PERPETUITIES (AMENDMENT) BILL
The Hon. R. J. WEBSTER (Minister for Planning and Minister for Energy) [5.37]: I move:
I seek leave to have the second reading speech incorporated in Hansard.
That this bill be now read a second time.
The object of this bill is to rectify an anomaly in the application of the rule against perpetuities as between superannuation funds and pooled superannuation trusts.
The rule against perpetuities was developed by the courts to prevent interests in property from being "tied up" for too long by their owners. Prior to the introduction of the rule, property owners were able to control the future use of their estates by vesting their property in ongoing trusts.
The rule was therefore designed to prevent interests that were to arise in the future from arising at too remote a time.
Its original purpose was to ensure that property holdings could be freely dealt with and to that extent it represented a victory by the courts over owners of large estates seeking to prevent disposal of these properties.
Over the years, however, the rule frequently operated to bring about results which could not be justified, and from time to time therefore its application has had to be modified.
Following a major review by the New South Wales Law Reform Commission in 1983 the Government of the day resolved to effect a general reform of this area of the law. The vehicle for change was the Perpetuities Act 1984 one of the provisions of which, section 13, exempted superannuation funds from compliance with the rule.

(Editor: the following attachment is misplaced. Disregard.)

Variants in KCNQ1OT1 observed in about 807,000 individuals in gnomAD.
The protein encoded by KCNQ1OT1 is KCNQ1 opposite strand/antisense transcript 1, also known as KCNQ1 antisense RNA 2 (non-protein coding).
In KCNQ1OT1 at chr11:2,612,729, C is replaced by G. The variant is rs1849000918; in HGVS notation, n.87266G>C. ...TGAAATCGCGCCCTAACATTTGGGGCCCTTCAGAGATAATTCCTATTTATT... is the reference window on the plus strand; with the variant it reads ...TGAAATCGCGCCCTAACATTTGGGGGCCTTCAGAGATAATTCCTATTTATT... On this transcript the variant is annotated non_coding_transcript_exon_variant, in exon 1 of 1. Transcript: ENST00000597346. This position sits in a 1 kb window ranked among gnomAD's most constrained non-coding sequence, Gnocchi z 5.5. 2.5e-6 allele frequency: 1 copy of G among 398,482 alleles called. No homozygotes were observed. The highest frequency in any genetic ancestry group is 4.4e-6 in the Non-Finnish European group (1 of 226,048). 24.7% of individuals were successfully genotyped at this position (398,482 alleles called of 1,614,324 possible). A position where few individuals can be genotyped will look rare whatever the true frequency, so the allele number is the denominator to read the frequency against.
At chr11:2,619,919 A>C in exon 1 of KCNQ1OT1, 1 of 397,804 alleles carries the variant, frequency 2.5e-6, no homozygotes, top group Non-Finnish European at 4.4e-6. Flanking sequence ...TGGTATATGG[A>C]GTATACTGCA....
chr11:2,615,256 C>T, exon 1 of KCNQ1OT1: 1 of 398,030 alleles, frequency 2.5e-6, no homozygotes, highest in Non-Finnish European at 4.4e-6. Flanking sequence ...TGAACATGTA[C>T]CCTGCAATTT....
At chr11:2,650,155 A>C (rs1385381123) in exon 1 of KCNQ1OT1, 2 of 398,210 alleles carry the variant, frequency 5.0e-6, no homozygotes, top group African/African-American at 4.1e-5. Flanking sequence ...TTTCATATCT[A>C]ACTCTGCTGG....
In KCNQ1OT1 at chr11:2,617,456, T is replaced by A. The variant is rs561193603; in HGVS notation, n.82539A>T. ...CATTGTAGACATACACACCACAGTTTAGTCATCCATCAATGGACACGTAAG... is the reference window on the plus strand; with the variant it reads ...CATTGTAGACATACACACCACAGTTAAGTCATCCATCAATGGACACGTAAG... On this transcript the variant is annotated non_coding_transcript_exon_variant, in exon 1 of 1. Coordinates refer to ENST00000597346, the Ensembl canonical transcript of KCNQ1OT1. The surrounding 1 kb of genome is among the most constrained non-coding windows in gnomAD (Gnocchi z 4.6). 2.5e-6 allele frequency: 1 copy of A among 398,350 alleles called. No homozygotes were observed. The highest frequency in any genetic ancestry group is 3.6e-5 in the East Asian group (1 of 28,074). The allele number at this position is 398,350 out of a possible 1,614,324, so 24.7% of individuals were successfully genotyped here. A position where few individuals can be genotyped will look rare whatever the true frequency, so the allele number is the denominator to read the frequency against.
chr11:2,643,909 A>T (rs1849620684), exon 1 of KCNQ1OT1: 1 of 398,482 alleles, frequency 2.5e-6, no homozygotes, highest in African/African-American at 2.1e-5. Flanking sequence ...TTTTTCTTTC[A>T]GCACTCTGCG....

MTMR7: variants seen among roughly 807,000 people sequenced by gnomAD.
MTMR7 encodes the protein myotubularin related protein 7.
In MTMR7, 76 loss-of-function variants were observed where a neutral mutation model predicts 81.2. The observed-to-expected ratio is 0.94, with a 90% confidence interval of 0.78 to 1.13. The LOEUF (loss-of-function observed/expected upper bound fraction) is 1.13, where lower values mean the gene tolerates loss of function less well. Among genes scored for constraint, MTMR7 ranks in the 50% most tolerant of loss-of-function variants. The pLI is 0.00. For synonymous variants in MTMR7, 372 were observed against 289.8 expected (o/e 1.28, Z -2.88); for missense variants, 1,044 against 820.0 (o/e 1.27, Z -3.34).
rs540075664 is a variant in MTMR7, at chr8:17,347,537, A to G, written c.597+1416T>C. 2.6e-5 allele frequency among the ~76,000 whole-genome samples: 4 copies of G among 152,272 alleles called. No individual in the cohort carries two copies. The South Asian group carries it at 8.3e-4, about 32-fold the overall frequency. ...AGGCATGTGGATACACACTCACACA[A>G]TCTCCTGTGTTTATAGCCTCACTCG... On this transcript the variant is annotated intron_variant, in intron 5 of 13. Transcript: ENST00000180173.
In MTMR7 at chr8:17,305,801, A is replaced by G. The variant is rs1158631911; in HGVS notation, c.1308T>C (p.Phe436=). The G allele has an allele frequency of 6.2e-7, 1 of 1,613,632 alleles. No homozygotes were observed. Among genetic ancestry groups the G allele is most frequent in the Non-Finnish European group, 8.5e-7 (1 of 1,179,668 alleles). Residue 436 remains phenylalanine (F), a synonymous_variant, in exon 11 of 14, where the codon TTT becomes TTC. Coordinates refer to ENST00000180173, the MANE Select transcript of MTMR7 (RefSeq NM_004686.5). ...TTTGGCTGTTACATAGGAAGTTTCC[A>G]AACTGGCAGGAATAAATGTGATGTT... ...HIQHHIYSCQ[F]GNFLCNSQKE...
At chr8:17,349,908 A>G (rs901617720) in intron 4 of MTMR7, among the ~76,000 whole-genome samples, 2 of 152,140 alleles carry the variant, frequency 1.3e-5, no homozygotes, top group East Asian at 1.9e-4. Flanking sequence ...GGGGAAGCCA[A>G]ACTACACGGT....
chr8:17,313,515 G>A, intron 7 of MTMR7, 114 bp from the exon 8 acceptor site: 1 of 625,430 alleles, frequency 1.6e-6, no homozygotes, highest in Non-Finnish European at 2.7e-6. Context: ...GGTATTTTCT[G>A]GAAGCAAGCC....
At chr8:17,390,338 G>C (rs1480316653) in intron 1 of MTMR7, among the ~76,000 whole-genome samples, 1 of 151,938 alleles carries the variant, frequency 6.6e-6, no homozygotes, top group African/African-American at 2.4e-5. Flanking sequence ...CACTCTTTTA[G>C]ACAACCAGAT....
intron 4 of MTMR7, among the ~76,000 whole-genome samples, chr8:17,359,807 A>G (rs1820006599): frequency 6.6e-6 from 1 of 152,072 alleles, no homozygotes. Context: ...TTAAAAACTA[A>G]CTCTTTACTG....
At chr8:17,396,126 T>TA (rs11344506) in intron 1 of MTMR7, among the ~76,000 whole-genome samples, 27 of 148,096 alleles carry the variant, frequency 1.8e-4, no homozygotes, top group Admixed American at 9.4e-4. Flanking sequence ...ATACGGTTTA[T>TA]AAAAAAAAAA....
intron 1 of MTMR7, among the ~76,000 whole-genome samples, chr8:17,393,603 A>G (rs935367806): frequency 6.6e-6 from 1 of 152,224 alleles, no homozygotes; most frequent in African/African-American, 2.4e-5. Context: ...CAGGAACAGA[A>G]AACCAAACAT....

The main reasons for the exemption were to allow superannuation funds to be indefinitely continuing and so to maximise the benefits built up by the fund, and to allow new members to be admitted from time to time.
However, superannuation funds do not carry out all their investment activities directly. Many are now pooling much of their funds into entities known as "pooled superannuation trusts" which then invest the pooled funds and obtain the higher rate of return available to investments of large amounts.
Pooled superannuation trusts are usually established as a unit trust with units being allocated to the unitholders in proportion to the amounts contributed by them. In addition to superannuation funds, other unit holders include approved deposit funds and other pooled superannuation trusts.
At the time of enactment of the Perpetuities Act in 1984 legal opinion was to the effect that pooled superannuation trusts did not fall foul of the rule against perpetuities and hence they were not expressly mentioned in the legislation.
Doubts subsequently arose, however, as to whether that opinion was correct and further advice was sought, this time from eminent Queens Counsel (including the Solicitor General).
The Solicitor General advised that it was clearly appropriate to amend section 13 of the Perpetuities Act 1984 to exempt pooled superannuation trusts from the rule against perpetuities.
Obviously, in this important matter there can be no room for uncertainty hence the need for this bill which will dispel any lingering doubt as to the efficacy of these trusts.
I commend the bill.
Debate adjourned on motion by the Hon. Ann Symonds.
It is inconsistent that superannuation funds are exempt from the rule against perpetuities but that pooled superannuation trusts, which largely exist in order to invest the moneys held by superannuation funds, are not exempt from the rule. The reasons previously referred to for exempting superannuation funds from the rule are equally applicable to pooled superannuation trusts.